I look to give you some more details on the Clean Electricity Regulations.

The Speaker (Hon. Ted Arnott): Supplementary?

Ms. Goldie Ghamari: Mr. Speaker, through you, thank you to the minister for his answer.

It is very concerning to hear from the minister about potentially more damaging energy regulations that are under consideration by the federal government. I know that my constituents in Carleton are already concerned about the negative impact that the carbon tax is having on their household budgets. The carbon tax is making their lives more unaffordable as it drives up the price of fuel, groceries and goods and services.

They are also concerned to see that the federal government is only looking out for certain provinces and leaving others out in the cold. Speaker, can the minister please elaborate on the negative impact of additional energy regulations on Ontarians?

Hon. Todd Smith: Thanks very much to the member from Carleton. Federal Minister Steven Guilbeault has shared draft regulations that are rigid, and they ignore the need for flexibility that’s being asked for by provinces and territories and our electricity system operators based on their real-world experience. Here in Ontario, our Independent Electricity System Operator, the IESO, has told my ministry that these draft regulations would slow the electrification of our economy by compromising the reliability and affordability of our electricity system here.

Like with the carbon tax, the federal government is on the verge of making a costly and short-sighted mistake because they won’t listen to their provincial counterparts and, more importantly, they won’t listen to those who operate the systems. We hope that the federal government will work with us so that we can build a 100% clean grid while supporting reliability and protecting ratepayers. Mr. Speaker, if the federal government won’t listen to those who operate our electricity systems, we’re in for more big problems in our country and in our province.

Public transit

MPP Jill Andrew: Recently, it was announced by government agency Metrolinx that staff must meet a monthly quota for fare evasion tickets. Evidence-based research points to the harm fare quotas have so long as systemic barriers remain in place that disproportionately impact people with disabilities, mental health challenges, low income, the unhoused and BIPOC folks—folks who experience more “differential treatment” from authority due to outright discrimination and “unconscious bias.”

For instance, Sam, a racialized constituent, years back was fined 240 bucks for fare evasion simply because their Presto card didn’t work—a system malfunction that’s happened to me too, Speaker. She wasn’t believed, and the question is, why?

My question to the Premier: Why is this government implementing fare evasion quotas that may additionally harm communities, certain ones more than others, especially during an affordability crisis, instead of boosting revenue by properly funding transit to improve service and ridership?

The Speaker (Hon. Ted Arnott): The associate minister.

Hon. Vijay Thanigasalam: Affordability is the number one issue at the moment across the nation. In our province, under the leadership of Premier Doug Ford, we are making life more affordable by eliminating double fares, triple fares and making it one fare. This one-fare program will save riders $1,600 every year per rider. The great news is our government is fully funding this program. And guess what, Mr. Speaker? The Liberals and NDP voted against this bill, against this one, not just once; they have voted against it twice.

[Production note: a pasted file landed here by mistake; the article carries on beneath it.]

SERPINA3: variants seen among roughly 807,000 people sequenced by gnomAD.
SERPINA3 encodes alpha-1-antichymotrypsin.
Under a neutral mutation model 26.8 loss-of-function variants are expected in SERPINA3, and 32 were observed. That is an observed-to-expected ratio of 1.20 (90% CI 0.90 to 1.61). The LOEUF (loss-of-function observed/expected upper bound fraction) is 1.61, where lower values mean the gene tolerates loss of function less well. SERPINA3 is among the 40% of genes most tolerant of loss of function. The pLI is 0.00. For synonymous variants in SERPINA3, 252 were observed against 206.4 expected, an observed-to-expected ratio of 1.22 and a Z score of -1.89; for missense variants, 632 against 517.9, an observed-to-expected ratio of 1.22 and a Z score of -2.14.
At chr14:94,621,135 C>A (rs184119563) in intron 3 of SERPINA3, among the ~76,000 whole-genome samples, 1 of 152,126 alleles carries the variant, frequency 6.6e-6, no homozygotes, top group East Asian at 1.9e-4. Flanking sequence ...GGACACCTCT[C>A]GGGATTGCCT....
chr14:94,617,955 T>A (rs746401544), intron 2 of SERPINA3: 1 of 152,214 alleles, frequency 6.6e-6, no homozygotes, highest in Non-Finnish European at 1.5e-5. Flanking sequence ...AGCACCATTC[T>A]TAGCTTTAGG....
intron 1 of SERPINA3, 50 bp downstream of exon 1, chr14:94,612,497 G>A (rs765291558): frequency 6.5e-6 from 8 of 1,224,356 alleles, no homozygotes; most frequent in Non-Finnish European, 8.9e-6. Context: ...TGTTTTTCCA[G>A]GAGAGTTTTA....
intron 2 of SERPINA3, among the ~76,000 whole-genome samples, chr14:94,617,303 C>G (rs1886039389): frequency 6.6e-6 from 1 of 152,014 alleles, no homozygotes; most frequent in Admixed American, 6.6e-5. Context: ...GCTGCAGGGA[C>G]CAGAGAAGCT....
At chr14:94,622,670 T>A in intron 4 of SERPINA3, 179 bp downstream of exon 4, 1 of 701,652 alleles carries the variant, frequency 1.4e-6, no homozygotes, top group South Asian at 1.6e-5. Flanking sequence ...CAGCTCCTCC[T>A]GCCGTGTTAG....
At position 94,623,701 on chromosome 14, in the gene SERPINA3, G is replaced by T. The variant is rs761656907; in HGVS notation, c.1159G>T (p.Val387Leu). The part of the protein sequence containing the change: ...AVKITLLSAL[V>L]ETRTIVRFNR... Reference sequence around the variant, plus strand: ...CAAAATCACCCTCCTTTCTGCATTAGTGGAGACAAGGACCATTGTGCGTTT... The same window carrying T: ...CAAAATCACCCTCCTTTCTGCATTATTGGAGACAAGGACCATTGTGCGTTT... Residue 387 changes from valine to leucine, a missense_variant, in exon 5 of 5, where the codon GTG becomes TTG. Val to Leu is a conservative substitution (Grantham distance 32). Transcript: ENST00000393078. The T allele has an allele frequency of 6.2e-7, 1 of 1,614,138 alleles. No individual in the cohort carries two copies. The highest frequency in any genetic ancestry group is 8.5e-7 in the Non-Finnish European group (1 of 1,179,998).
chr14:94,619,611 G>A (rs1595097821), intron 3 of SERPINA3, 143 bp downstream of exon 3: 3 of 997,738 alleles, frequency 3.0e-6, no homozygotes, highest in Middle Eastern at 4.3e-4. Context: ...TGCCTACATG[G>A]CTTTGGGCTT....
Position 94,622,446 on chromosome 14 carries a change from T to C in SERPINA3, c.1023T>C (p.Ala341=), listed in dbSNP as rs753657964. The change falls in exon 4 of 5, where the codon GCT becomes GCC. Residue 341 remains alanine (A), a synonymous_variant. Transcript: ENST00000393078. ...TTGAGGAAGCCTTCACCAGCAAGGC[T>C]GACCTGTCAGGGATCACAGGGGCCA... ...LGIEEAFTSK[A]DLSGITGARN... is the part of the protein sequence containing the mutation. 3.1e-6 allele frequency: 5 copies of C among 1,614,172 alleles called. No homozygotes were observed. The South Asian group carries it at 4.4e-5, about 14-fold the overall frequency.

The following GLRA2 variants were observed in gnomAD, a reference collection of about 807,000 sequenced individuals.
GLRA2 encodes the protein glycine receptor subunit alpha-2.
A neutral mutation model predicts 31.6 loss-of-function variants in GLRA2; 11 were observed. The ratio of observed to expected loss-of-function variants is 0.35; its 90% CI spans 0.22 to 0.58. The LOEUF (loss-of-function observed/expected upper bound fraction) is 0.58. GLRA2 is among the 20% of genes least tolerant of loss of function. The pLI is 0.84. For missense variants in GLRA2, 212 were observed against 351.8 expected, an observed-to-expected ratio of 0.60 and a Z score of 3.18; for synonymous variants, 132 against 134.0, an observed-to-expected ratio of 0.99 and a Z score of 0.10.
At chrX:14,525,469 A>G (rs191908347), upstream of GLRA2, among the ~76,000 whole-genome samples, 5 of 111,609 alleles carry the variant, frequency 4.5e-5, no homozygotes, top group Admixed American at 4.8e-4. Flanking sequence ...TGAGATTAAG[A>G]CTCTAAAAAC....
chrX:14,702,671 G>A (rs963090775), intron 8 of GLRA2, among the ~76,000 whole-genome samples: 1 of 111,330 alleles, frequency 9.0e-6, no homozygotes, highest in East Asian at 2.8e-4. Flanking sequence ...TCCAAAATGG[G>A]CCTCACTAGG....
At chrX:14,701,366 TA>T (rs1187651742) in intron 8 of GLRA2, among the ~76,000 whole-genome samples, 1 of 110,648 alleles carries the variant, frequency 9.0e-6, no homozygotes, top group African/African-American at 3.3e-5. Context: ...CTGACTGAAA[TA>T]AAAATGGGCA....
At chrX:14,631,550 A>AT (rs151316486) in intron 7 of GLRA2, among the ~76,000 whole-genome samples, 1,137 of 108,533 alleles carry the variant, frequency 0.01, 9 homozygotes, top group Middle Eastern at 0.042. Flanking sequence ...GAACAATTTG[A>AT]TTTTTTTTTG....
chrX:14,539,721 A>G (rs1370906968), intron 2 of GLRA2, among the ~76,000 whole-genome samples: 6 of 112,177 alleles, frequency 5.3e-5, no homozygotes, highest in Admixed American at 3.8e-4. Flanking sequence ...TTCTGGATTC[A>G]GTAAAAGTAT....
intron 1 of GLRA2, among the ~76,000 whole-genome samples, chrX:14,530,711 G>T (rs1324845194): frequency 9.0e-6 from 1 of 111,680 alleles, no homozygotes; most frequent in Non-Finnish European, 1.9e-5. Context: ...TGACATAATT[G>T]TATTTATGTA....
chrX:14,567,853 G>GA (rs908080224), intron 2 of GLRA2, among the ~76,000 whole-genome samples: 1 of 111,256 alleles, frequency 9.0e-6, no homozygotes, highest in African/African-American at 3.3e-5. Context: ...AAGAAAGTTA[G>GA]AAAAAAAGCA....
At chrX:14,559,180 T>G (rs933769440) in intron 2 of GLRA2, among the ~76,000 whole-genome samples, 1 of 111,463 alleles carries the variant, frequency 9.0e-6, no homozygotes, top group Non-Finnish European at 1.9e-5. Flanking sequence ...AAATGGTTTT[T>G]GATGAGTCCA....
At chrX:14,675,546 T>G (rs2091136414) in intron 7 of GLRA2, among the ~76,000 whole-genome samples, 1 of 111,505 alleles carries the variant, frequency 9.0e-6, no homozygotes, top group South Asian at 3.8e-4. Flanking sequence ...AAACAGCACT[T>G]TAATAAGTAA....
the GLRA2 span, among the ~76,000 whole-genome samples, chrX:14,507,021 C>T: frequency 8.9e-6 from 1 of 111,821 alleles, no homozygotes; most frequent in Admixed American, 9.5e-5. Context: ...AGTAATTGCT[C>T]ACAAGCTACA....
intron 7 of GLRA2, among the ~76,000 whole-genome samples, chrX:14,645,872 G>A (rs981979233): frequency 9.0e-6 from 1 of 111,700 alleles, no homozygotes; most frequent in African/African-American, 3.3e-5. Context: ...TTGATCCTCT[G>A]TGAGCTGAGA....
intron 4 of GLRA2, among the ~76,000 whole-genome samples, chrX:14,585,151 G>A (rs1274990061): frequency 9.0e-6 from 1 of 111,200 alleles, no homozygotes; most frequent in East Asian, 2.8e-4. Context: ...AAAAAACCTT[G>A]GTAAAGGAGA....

The Speaker (Hon. Ted Arnott): Supplementary question.

MPP Jill Andrew: These fare quotas are Metrolinx’s—frankly, this government’s—ploy to fill funding gaps that they themselves are responsible for. Instead, they’re penalizing riders while Metrolinx has a one-million-dollar man at its helm, 59 VPs and 19 C-suite executives. That’s where you find the money to help folks in St. Paul’s and across the province travel.

This is also while Metrolinx’s Eglinton Crosstown is three years delayed and billions of dollars over budget. Many communities across Ontario, including mine, have been left stranded when it comes to transit infrastructure. Fixing that should be the priority of this government, not propping up discriminatory practices on the backs of folks who feel it the most.

My question is back to the Premier, if he’d actually answer his own questions: Will you put an end to problematic fare-evasion quotas and put your focus on making sure Metrolinx finishes what they started so our communities can actually travel from point A to B?

Hon. Vijay Thanigasalam: Mr. Speaker, students, seniors, adults: They have asked for more affordability when it comes to transit, and that’s exactly what our government is delivering under the leadership of Premier Ford. The one-fare program applies to the GTHA, whether riders are coming from Barrie Transit, Brampton Transit, Burlington, Bradford West Gwillimbury, Durham region, Grand River, Guelph, Hamilton, Milton, Mississauga, Oakville or York region. All the transit riders, starting early 2024, will save $1,600. Our government is fully funding that, and we are on track to deliver this. The people can use this $1,600 toward their families, toward their kids and toward their futures.

We will continue to build transit across the GTHA. We will continue to build the Northlander—that the Liberals cancelled—and we will make sure we’ll bring the Northlander by 2026.

Cost of living / Coût de la vie

Mr. Stephen Blais: Good morning. My question is for the Premier.